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Barrow teenager's kick ties world record

Posted: Sunday, April 27, 2003

ANCHORAGE (AP) A teenager from Barrow tied a world record in the one-foot high kick at the Native Youth Olympics.

John Miller kicked his way into the record books Saturday with 9 feet, 6 inches at the University of Alaska Anchorage. The one-foot kick is to Native sports what the 100-meter dash is to the Summer Olympics. It's the most glamorous event, possibly the toughest, the one crowds want most to see because competitors rocket high off the ground in an explosion of power and grace.

The 5-foot, 11-inch Miller is the third person to reach 9-6, joining the legendary Brian Randazzo of Anchorage, who did it in 1988 at the Arctic Winter Games, and Jesse Frankson of Point Hope, who did it last year at the World Eskimo-Indian Olympics.

Saturday's jump shattered the 19-year-old Native Youth Olympics record of 9-2 set by Randazzo. Miller, the defending NYO champion, had never before exceeded 9-2.

In the one-foot high kick, competitors must kick a sealskin ball the size of an orange, suspended overhead, with one foot and land on the same foot without losing their balance.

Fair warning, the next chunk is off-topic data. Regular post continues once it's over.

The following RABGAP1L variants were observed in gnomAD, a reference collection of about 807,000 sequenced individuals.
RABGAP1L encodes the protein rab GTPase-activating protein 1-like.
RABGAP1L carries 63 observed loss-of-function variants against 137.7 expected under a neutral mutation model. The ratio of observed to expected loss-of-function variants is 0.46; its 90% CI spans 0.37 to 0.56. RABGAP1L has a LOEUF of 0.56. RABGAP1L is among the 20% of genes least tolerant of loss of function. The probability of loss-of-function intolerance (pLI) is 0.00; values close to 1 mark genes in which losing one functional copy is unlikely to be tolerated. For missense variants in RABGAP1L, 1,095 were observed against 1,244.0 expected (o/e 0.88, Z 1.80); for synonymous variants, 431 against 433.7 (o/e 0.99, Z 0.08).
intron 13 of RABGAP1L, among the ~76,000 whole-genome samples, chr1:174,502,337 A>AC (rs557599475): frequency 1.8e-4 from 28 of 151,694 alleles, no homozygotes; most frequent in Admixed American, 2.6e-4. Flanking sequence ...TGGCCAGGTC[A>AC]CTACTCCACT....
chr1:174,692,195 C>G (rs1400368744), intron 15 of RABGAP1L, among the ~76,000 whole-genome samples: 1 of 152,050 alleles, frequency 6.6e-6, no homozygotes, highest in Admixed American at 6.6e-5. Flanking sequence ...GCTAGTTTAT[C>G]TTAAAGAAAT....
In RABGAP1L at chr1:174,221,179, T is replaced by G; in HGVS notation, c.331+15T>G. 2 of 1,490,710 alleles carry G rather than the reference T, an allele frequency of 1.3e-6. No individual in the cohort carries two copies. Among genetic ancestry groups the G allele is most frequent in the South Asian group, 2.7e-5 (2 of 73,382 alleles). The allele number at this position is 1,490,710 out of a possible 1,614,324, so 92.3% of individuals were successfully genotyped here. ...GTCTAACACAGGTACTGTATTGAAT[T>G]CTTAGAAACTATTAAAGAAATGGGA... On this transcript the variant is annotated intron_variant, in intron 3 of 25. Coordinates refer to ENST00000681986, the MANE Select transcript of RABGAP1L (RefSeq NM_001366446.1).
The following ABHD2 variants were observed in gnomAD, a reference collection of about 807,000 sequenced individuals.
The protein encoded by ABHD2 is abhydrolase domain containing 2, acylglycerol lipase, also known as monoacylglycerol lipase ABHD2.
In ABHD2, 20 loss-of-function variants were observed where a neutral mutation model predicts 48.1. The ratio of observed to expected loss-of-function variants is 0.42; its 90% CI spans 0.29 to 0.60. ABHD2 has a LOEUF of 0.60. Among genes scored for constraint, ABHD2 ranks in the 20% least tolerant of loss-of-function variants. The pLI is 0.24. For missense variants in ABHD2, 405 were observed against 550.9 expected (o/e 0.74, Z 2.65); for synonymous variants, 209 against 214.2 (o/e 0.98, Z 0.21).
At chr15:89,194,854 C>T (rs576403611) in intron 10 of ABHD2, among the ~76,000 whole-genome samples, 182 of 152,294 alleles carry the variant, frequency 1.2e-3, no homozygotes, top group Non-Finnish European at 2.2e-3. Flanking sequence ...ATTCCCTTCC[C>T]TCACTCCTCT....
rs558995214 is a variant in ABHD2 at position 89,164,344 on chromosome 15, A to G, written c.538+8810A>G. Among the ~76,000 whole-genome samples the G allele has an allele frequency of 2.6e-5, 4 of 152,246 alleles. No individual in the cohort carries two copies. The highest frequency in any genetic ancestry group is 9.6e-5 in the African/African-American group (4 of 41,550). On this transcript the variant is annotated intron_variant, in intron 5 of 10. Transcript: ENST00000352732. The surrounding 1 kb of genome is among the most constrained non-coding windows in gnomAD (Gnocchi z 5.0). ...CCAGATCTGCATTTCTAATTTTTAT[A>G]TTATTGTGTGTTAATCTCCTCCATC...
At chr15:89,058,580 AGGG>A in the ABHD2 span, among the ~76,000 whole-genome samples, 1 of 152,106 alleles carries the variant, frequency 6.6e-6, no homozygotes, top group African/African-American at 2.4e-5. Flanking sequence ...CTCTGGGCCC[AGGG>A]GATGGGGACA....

The enthusiasm for Miller's sky-scraping performance was contagious. There wasn't a person in the building who didn't want him to kick higher and higher. They went crazy when he booted the ball and moaned when he failed to make contact.

Right before his record-tying kick, bare-chested Miller repeatedly lifted his arms above his head, urging the crowd to roar louder.

I needed them to make noise so I wouldn't think so much,'' he said. I couldn't have done it without them.''

Officials had to use a ladder to raise the sealskin ball to 9-6, just 6 inches shy of a basketball rim, drawing oohs and ahhs from the fans.

That's nuts,'' said Morgan Simpson of Fairbanks, who won the girls one-foot high kick at 7 feet.

Miller missed three tries at 9-7, which would have given him the record outright. He had the necessary height on one effort but missed the ball.

A sophomore at Barrow High, he hopes his vertical leap will help him land a spot on the varsity basketball team.



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